>Market Value/Realized Value, MVRV Ratio, 7-day SMA: 2.27
Takes the current market cap of BTC and divides it by the realized capitalization.
Since realized cap presents a cumulative cost basis for the market and removes the influence of dormant coins, it provides a noteworthy assessment of Bitcoin’s long-term fair valuation.
Bullish: What this ratio is saying is that, hypothetically, if all holders were to sell their BTC positions right now, they would receive–on average–2.27x their initial investment. Given the ratio is still well-off March’s YTD highs, MVRV would seem to hint that BTC has not yet heavily outstripped its “fair value”. Just like NVTS, MVRV witnessed a largely uninhibited climb between the end of July and August. As of last Monday (9/6), this trend has started to reverse. With BTC’s spot price still hovering well above its realized counterpart (about $20,900 as of 9/12), investors can remain confident that there won’t likely be any rush to take profits over the coming weeks.
>Mean Hash Rate, 7-day SMA: 133.5 EH/sec
Hash rate: an estimation of the total numbers of hashes produced each second by miners on the Bitcoin network, serving as a key proxy of the total computational resources underpinning the world’s largest crypto.
Bullish: In what can be seen as a bullish trend, hash rate continues to rebound nicely from that CCP induced “migration” (and subsequent HR decline) we saw a few months back. As of 9/12, Hash rate (on the weekly charts) was standing at nearly 133.5 EH/sec, representing a 58.5% increase from July’s near 2-year lows. It’s important to note that this newfound hash power means more miners are competing for the same block rewards, thereby limiting their earnings potential (in BTC terms). As a result, we have seen some profit-taking, although nothing significant. Per Glassnode, miners parted ways with 427 BTC over the past 7 days.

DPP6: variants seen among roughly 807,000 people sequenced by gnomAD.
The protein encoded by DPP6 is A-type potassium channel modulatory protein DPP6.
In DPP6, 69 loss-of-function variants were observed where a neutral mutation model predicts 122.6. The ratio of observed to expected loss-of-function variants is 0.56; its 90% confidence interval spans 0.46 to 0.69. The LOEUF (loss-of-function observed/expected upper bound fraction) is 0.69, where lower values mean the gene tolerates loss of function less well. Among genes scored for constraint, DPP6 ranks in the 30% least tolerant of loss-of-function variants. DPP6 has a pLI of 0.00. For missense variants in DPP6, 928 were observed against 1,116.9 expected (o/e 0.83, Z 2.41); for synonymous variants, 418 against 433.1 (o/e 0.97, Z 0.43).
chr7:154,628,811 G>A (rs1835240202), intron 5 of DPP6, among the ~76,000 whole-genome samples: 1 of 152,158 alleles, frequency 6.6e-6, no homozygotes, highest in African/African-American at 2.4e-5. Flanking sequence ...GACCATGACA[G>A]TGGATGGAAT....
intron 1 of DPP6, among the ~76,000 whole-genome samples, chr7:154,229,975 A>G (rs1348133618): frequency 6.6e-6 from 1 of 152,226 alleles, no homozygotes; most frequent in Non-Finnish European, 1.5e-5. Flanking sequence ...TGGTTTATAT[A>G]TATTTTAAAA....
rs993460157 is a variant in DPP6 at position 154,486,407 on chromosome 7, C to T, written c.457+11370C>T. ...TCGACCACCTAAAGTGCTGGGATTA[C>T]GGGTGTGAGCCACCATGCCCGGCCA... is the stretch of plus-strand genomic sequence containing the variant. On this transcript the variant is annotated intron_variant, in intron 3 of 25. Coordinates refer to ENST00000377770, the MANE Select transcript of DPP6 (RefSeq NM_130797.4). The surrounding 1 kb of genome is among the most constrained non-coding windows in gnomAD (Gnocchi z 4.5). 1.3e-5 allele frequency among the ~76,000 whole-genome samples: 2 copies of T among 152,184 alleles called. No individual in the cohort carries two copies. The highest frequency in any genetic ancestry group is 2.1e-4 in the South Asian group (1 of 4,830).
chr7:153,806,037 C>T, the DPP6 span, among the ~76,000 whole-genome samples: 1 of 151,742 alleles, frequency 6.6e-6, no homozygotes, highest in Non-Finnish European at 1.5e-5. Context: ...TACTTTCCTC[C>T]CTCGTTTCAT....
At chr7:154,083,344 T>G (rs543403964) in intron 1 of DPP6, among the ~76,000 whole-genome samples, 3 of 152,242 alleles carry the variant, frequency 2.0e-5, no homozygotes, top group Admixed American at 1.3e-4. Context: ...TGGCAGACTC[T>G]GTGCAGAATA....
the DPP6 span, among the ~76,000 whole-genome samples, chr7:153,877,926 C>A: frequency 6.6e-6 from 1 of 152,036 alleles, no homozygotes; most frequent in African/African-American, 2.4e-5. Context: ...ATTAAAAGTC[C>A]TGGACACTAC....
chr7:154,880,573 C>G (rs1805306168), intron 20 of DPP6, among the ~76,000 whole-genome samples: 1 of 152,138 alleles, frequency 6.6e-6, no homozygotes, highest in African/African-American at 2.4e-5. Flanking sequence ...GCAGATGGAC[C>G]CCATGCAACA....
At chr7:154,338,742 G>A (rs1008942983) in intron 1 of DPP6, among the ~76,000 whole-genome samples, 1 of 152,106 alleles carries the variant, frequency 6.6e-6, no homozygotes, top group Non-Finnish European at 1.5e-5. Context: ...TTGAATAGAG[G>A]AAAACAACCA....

>Futures Perpetual Funding Rate, 7-day SMA: 0.005%
This metric is designed to track the average funding rate–weighted by the size of open interest on each tracked exchange–required to hold a perpetual futures contract tied to BTC. The prevailing rate–whether positive or negative–incentivizes traders to buy/sell perpetual contracts to converge the perpetual futures price with the spot price. To maintain a hypothetical $1,000 perpetual BTC futures position, longs were paying shorts about $0.05 every few hours over the past week, on average.
Slightly bullish: It’s become pretty clear that leading up to the sudden price correction on Sept. 7, the futures perpetual funding rate was hitting excessively optimistic levels. Leverage, fueled by positive sentiment over El Salvador’s formal adoption of BTC as legal tender, suggests that derivatives markets may have gotten a little overextended. On the positive side, the funding rate has moved back down to more sustainable levels over the past few days. Despite concerns about the rapidity of last week’s selloff, there has been no major inflection point in sentiment while looking at the sentiment implicit in derivatives markets. The funding rate did fall into negative territory on 9/7 and 9/9, but not by a considerable margin. This suggests that traders have internalized last week’s selling pressures without getting too pessimistic.